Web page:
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Message from Javaune Adams-Gaston, Ph.D., President

August 26, 2022

Dear NSU Community,

On Wednesday, August 24, 2022, President Biden took executive action to enact wide-scale student loan forgiveness. The U.S. Department of Education is carrying out the plan, which will provide up to $20,000 in debt cancellation to Pell Grant recipients with loans held by the Department of Education and up to $10,000 in debt cancellation to non-Pell Grant recipients. Borrowers are eligible for this relief if their annual individual income is less than $125,000 or $250,000 for households.

We at Norfolk State University applaud all of these actions. This is great news for our Spartan graduates, current Spartans, and future Spartans, especially since the student debt burden has fallen disproportionately on Black students and low-income families. This is also why Norfolk State has steadfastly sought to offer one of the most affordable college educations in Virginia, as well as the nation. We understand the crippling effect of student debt, and we work hard to provide as much financial support to our students as we possibly can.

If you received a Pell Grant in college and meet the income threshold, you will be eligible for up to $20,000 in debt cancellation. If you did not receive a Pell Grant in college and meet the income threshold, you would be eligible for up to $10,000 in debt cancellation.

In addition to this action, student loan repayments have been paused until the end of the year, and the Department of Education is proposing a new income-driven repayment plan that would protect low-income borrowers from making payments of more than 5% of their discretionary income. This proposal would cut the average student loan repayment rate by half and would lower current and future annual payments by more than $1,000.

In the coming weeks, more information will be made available to student loan borrowers. I urge you to subscribe for notifications at Enter your email address and click the box for Federal Student Loan Borrower Updates. Please make sure you are informed of your rights and benefits and take full advantage of these opportunities.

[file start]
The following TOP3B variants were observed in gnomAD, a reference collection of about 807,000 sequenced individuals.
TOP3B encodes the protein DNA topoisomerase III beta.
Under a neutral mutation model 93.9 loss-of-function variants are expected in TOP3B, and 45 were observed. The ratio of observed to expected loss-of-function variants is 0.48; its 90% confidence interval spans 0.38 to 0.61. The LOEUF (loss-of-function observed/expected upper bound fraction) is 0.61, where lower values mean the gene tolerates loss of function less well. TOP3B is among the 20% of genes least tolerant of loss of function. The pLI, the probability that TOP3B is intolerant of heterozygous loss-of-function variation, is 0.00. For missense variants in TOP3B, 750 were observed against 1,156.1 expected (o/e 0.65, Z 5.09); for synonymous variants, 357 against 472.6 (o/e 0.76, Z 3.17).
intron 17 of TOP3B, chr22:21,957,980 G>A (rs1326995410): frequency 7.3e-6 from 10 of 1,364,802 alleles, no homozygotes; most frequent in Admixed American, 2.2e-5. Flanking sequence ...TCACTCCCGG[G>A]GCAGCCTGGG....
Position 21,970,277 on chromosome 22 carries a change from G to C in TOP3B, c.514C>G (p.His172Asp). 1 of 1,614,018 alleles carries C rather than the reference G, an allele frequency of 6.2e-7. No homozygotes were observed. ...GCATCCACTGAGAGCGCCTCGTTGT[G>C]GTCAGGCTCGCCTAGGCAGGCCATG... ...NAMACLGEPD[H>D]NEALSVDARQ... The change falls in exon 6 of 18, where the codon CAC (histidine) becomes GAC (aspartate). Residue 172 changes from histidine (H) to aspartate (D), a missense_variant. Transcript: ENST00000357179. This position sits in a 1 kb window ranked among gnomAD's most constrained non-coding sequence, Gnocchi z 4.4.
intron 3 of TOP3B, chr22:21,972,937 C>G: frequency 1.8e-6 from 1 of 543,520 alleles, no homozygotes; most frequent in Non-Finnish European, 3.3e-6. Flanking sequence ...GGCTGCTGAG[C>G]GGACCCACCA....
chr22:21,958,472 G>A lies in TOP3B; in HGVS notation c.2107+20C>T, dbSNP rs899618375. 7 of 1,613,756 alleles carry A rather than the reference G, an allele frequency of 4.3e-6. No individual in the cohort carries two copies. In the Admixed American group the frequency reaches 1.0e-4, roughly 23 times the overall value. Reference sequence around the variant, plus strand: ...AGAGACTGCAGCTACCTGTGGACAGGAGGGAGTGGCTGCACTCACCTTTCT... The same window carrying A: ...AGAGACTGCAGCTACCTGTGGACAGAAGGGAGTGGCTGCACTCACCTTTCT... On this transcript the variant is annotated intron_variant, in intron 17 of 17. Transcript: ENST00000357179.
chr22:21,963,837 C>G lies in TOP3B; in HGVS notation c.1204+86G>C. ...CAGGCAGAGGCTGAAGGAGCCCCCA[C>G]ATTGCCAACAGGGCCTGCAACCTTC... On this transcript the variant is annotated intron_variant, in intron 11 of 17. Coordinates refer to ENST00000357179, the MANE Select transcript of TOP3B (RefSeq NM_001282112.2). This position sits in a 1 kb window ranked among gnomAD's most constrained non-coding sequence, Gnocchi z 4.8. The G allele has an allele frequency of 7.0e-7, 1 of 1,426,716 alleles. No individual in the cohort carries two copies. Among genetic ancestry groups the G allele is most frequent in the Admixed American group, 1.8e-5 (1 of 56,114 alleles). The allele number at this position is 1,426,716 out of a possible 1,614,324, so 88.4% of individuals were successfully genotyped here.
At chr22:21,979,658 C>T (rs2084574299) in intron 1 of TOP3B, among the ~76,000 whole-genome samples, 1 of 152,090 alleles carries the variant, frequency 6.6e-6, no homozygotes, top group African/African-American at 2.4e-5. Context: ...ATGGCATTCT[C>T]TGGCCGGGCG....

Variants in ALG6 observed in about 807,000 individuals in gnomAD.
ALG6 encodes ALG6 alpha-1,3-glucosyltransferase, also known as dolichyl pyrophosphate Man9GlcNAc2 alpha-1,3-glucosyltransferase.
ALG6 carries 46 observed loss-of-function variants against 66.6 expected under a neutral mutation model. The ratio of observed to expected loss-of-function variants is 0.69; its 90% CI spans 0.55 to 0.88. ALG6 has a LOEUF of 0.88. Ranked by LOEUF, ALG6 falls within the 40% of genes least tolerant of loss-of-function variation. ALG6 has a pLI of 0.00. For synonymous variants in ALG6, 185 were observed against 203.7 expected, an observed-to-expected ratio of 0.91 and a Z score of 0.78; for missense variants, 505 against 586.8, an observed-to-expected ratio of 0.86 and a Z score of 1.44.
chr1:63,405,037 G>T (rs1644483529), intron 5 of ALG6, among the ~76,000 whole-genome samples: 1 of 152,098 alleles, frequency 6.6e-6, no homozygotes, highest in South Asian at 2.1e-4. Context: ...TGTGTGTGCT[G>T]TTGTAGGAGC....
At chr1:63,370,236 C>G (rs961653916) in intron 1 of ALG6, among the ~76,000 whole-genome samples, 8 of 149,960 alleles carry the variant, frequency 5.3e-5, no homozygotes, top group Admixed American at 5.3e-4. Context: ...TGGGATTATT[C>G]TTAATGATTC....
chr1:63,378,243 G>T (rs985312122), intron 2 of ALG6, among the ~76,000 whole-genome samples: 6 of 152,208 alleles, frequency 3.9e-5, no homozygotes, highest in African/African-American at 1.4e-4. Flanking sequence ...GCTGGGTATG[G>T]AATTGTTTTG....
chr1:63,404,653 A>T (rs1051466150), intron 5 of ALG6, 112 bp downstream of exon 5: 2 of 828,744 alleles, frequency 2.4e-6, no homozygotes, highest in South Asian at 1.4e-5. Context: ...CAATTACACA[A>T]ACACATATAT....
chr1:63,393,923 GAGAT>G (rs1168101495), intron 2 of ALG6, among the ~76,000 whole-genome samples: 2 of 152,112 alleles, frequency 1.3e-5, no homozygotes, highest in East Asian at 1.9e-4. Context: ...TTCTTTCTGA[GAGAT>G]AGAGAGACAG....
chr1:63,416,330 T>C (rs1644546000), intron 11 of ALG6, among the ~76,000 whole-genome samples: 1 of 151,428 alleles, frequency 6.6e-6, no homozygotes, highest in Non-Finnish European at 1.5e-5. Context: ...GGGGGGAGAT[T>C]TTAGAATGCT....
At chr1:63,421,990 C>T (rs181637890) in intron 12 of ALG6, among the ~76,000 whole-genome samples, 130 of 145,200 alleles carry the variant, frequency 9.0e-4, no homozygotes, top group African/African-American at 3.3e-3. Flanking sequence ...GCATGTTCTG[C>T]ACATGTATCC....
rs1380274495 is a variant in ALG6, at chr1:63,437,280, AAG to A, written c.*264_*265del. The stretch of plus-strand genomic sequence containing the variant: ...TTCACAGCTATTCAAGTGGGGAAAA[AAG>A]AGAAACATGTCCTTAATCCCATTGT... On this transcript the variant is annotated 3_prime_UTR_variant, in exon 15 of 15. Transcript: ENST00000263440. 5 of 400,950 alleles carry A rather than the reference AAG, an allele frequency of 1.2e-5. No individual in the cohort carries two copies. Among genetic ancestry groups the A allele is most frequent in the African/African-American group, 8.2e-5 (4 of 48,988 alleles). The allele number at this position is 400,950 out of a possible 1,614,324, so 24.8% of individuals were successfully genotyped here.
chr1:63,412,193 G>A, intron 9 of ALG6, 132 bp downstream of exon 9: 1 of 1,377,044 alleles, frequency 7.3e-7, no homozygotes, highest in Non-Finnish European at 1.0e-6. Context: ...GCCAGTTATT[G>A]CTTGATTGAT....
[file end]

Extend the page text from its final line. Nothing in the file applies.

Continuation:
According to the Department of Education, “if all borrowers claim the relief they are entitled to, these actions will…”

  • Provide relief to up to 43 million borrowers, including canceling the full remaining balance for roughly 20 million borrowers.
  • Target relief dollars to low- and middle-income borrowers. The Department of Education estimates that, among borrowers who are no longer in school, nearly 90% of relief dollars will go to those earning less than $75,000 a year. No individual making more than $125,000 or household making more than $250,000 – the top 5% of incomes in the United States – will receive relief.
  • Help borrowers of all ages. The Department of Education estimates that, among borrowers who are eligible for relief, 21% are 25 years and under and 44% are ages 26-39. More than a third are borrowers aged 40 and up, including 5% of borrowers who are senior citizens.
  • Advance racial equity. By targeting relief to borrowers with the highest economic need, the Administration’s actions are likely to help narrow the racial wealth gap. Black students are more likely to have to borrow for school and more likely to take out larger loans. Black borrowers are twice as likely to have received Pell Grants compared to their white peers. Other borrowers of color are also more likely than their peers to receive Pell Grants. That is why an Urban Institute study found that debt forgiveness programs targeting those who received Pell Grants while in college will advance racial equity.

As we await more information and details from the Department of Education, please familiarize yourself with these plans using the White House Fact Sheet.

And, as always, Behold the Green and Gold.

Javaune Adams-Gaston, Ph.D., President